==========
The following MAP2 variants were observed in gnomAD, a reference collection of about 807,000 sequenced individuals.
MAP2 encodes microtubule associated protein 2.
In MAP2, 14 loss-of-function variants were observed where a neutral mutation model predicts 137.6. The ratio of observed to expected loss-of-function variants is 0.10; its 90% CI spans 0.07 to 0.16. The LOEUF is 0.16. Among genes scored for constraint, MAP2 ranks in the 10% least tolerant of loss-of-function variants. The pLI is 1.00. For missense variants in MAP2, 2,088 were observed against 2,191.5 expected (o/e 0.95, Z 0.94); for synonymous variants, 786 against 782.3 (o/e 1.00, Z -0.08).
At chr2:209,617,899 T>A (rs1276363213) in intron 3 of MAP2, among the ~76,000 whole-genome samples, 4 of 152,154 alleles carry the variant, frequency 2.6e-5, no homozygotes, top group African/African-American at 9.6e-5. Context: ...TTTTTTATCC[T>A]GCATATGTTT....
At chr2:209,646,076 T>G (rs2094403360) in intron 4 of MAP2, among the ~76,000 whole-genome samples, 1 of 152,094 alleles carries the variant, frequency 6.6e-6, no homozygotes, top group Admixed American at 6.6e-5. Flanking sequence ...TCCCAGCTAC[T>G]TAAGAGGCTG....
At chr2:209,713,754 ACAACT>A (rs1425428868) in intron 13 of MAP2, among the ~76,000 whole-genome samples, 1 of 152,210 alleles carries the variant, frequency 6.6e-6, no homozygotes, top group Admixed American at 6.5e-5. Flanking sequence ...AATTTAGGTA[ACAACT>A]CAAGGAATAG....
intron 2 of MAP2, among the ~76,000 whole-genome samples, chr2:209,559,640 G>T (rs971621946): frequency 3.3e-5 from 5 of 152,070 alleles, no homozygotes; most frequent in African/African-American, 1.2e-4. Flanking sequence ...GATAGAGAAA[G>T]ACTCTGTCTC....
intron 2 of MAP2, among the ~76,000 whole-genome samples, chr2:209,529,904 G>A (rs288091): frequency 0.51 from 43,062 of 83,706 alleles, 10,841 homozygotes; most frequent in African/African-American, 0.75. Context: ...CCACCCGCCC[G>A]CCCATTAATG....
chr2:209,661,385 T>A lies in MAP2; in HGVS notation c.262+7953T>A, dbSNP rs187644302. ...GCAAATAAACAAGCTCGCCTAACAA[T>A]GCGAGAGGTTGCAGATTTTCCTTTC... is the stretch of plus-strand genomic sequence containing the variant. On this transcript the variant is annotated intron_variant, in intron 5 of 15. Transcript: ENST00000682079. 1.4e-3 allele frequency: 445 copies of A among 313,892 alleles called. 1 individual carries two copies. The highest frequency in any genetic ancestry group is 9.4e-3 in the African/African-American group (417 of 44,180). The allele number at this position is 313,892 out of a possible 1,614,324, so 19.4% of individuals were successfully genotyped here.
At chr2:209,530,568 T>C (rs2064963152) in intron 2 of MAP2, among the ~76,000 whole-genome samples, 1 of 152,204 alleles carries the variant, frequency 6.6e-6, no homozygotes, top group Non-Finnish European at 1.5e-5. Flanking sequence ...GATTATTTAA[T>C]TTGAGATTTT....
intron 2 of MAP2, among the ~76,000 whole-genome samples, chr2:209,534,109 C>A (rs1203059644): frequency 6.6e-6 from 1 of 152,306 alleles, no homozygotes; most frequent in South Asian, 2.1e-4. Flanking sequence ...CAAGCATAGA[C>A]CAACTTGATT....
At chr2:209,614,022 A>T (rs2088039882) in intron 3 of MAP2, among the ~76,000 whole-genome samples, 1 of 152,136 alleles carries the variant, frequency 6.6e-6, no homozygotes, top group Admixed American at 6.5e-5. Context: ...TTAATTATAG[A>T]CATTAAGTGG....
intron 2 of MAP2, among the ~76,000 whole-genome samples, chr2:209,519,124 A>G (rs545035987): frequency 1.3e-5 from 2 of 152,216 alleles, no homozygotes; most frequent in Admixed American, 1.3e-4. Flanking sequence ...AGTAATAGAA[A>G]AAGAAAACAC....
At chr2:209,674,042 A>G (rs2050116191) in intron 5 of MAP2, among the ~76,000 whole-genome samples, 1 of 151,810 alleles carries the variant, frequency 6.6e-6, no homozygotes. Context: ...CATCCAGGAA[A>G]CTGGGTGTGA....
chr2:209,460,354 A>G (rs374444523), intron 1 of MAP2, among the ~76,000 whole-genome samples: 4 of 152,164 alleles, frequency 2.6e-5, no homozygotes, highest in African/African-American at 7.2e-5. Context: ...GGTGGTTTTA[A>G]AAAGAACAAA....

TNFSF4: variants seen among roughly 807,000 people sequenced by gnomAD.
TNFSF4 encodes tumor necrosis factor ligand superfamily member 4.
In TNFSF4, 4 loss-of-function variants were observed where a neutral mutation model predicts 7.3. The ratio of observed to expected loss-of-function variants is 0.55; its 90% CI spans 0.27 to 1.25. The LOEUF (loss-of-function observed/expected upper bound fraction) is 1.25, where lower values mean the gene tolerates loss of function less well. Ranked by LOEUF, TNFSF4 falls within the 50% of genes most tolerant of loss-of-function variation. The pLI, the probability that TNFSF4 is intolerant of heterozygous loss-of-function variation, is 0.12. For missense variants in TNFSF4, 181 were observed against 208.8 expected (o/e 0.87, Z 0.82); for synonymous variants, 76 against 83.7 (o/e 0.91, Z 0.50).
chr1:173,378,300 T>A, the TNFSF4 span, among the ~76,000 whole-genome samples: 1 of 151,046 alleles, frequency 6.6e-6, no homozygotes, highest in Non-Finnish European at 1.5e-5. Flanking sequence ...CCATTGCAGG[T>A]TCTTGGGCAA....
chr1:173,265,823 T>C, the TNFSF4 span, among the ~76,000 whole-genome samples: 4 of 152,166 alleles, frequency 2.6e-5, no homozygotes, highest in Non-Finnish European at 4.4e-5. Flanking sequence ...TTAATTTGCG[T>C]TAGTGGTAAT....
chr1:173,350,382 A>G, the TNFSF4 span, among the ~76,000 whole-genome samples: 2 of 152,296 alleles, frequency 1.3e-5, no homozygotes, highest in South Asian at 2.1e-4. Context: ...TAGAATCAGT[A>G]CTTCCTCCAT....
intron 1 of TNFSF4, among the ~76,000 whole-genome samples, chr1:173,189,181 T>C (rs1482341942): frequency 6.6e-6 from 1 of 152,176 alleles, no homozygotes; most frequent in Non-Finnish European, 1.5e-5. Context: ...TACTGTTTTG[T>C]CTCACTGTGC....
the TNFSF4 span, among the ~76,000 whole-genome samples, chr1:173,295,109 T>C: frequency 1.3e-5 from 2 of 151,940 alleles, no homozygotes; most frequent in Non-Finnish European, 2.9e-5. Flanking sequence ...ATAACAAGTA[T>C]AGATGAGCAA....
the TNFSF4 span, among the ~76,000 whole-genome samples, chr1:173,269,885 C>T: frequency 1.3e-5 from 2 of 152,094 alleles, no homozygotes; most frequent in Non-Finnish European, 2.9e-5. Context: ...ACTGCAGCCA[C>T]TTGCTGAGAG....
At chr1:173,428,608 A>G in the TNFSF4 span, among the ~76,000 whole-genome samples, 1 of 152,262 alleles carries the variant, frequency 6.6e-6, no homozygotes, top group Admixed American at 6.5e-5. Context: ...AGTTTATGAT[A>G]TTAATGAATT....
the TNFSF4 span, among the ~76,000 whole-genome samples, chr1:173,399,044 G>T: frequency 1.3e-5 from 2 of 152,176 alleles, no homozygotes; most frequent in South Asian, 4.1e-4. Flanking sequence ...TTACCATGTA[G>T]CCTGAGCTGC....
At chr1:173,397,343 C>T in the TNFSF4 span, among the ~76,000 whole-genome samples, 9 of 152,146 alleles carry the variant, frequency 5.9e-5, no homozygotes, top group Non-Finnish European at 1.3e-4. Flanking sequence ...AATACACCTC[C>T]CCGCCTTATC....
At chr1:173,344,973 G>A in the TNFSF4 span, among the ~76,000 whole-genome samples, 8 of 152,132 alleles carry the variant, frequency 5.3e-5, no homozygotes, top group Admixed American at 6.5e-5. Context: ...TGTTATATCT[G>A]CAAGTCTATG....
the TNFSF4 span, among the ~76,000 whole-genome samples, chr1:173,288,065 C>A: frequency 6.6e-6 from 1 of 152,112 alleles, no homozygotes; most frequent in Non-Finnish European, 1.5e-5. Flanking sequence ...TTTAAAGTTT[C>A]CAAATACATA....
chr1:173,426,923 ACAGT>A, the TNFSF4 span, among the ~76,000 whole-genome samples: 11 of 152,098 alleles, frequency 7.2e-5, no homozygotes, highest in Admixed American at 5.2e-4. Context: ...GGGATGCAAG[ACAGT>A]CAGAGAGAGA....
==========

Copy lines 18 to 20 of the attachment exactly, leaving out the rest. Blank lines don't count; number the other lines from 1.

In TNFSF4, 4 loss-of-function variants were observed where a neutral mutation model predicts 7.3. The ratio of observed to expected loss-of-function variants is 0.55; its 90% CI spans 0.27 to 1.25. The LOEUF (loss-of-function observed/expected upper bound fraction) is 1.25, where lower values mean the gene tolerates loss of function less well. Ranked by LOEUF, TNFSF4 falls within the 50% of genes most tolerant of loss-of-function variation. The pLI, the probability that TNFSF4 is intolerant of heterozygous loss-of-function variation, is 0.12. For missense variants in TNFSF4, 181 were observed against 208.8 expected (o/e 0.87, Z 0.82); for synonymous variants, 76 against 83.7 (o/e 0.91, Z 0.50).
chr1:173,378,300 T>A, the TNFSF4 span, among the ~76,000 whole-genome samples: 1 of 151,046 alleles, frequency 6.6e-6, no homozygotes, highest in Non-Finnish European at 1.5e-5. Flanking sequence ...CCATTGCAGG[T>A]TCTTGGGCAA....
chr1:173,265,823 T>C, the TNFSF4 span, among the ~76,000 whole-genome samples: 4 of 152,166 alleles, frequency 2.6e-5, no homozygotes, highest in Non-Finnish European at 4.4e-5. Flanking sequence ...TTAATTTGCG[T>C]TAGTGGTAAT....